Street vendors should be treated with dignity and respect, says Nagaland activist
Kohima, July 19 (EMN): The society should treat the street vendors with dignity and respect, and the state government look into their welfare by providing basic facilities, said the president of Nagaland Voluntary Consumer Organisation (NVCO) and advocate, Kezhokhoto Savi.
Dwelling on the rights of street vendors in the country in general and the state of Nagaland in particular, Savi expressed his gratitude to the Parliament of India for passing the Street Vendors Act meant to safeguards the rights to the marginalised.
‘In the scenario of Nagaland, for many years, the state government did not realise the importance of the Street Vendors Act,’ the activist told Eastern Mirror, adding that NVCO is a voluntary body started to highlight the Act by creating awareness through sensitisation programmes, local newspapers, radio and other forms of media.
He shared that Nagaland is an agricultural state but most of the essential commodities are brought in from outside the state, except some agricultural products. He added that it’s the street vendors who bring local produce straight from the fields to sell in the towns and run their families.
Stressing on the vitality of the vendors in the society and the Street Vendors Act, Savi said Nagaland government has also realised that it has to implement it as it had passed the Street Vendors, Rules and Regulations 2019.
He, however, pointed out that for implementation, as per the Act, the government must constitute a civic committee which would involve people from the municipal council, officials from the concerned department and even some leaders from civil societies.
‘This is how a committee would be constituted by the government as per the Act., and what is the committee going to do here is to first find out and see a proper place for the vending zone, a place where the street vendors can go and sell their product. When this (vending zone) is located and agreed to be used as a vending area, the government has to provide facilities like cleanliness, public hygiene, proper drinking water, security, etc.,’ he said.
‘I see some of our own Naga mothers and sisters; they come with products and they are hardly managing by the side of the road, either the main road or the colony road. Is this how the government solve the problems of street vendors? No, this is not the way,’ said the advocate, adding that the society should treat them with dignity.
“They are human; they are to be treated properly. So this is why we observe the International Street Vendors Day (annually on November 14),” he continued.
Recalling an incident he experienced last year, he said the NVCO found out during an interaction with some of the street vendors during ‘Wednesday market’ in Kohima that most of the street vendors were mostly women from Jalukie in Peren district, Tseminyu in Kohima district and other places, bringing organic produce despite being only a one-day affair, thereby being compelled to sell whatever they bring.
“When we interacted with them, they were not satisfied, because the Chandmari Wednesday market is just on the street. So, sometimes it creates inconvenience to the public, even vehicles could not move, and so many inconveniences have been created, whereas they also don’t find it comfortable and there was no public toilet; there was nothing, no facilities at all. They just came and occupied any corner of the street. So it is their right- they were not treated properly,” said Savi.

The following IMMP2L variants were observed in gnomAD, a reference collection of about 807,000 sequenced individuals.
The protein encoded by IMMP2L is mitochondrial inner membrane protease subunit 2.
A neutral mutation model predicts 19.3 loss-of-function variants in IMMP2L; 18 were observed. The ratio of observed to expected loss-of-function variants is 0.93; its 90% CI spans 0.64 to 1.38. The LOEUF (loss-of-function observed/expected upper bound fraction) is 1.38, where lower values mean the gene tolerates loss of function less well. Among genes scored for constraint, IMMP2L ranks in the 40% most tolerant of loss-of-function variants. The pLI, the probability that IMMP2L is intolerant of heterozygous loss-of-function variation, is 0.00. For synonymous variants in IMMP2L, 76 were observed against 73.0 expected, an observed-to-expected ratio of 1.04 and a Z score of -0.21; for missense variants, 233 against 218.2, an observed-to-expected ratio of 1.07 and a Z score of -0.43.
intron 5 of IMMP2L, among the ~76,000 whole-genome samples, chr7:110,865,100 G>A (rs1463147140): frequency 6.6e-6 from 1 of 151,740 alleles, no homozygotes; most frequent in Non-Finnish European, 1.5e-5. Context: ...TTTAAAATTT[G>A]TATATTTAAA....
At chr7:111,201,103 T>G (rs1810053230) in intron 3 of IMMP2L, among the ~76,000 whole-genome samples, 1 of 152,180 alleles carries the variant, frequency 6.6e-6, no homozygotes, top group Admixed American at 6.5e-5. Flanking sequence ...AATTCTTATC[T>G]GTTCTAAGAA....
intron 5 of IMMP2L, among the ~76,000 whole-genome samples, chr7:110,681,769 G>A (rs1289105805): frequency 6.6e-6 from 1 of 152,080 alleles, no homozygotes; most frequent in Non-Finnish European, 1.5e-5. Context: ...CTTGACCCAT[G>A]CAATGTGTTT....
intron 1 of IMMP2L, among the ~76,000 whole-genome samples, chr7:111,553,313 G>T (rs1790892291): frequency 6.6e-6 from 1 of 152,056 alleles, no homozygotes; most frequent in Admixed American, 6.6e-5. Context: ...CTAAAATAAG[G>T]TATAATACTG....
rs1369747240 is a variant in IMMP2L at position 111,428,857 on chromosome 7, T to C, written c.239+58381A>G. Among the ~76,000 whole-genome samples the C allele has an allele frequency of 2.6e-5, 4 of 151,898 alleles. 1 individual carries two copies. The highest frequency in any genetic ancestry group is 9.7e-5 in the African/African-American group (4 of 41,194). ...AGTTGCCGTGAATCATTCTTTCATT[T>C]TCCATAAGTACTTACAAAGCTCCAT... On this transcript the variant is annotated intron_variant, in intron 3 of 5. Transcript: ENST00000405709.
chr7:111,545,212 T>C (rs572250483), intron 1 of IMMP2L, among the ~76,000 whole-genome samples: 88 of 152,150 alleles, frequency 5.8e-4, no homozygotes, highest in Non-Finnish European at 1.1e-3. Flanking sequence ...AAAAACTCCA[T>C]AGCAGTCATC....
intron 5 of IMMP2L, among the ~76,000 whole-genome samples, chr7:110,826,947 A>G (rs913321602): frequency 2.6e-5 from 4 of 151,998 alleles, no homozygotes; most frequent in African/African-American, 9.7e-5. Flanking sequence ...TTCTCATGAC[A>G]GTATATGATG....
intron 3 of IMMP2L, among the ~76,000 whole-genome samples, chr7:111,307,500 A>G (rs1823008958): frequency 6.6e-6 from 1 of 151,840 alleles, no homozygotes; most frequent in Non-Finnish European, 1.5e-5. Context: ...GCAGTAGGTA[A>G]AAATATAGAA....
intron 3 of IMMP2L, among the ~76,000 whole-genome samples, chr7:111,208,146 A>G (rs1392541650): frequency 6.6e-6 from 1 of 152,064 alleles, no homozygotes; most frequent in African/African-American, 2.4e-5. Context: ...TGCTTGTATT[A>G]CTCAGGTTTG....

He stated that the vendors were compelled to sell their products at higher rates due to the pandemic as well as increase in vehicle fare due to the hike in fuel prices. They also came from far-off places by hiring pickup trucks and had to keep the vehicle the whole day, he said, adding that vendors felt sorry for selling their items at a higher price.
They have potential to contribute more
Once the Act is introduced, the government may select a proper competent body, ‘most probably in state capital, probably Kohima Municipal Council’, and this council has to take care of issuance of licenses to street vendors.
‘And once the street vendors put the license, and then automatically they are entitled to all those facilities laid down by the Act,’ Savi said.
Further, he said that they have to pay a certain amount for the license, ‘but it should not be very expensive; it should be nominal; it should be reasonable and not lifetime’.
‘The license has to have validity and the license holders are to renew it; and if the license holder dies, then someone in the family can also continue. Preference for the street vendor’s license should be given to the local people,’ he said.
“And once we introduce very strictly, then we can stop others who are just selling on the road at the same time; they cannot just go and sell anywhere but the government can also control and regulate that except on a vending zone with license, other street vendors may not be allowed,” Savi opined.
He said that there were Naga mothers and sisters (street vendors) who work very hard to keep the food on the table and take of their children’s education.
“They are contributing so much and they are in a position to contribute more. This is how we can also build a state economy- promoting our own local street vendors. And with that, we can also encourage our own Naga local people to produce more local products and we can capture market in our own town, and that is certainly going to be good for all of us, where we can assure the local products all organic,” he said.
He went on to say that promoting street vendors is like introducing organic food, which is good for health. He further encouraged growing and promoting local produce through a proper vending zone.
(Second and final report on street vendors published in Monday’s issue)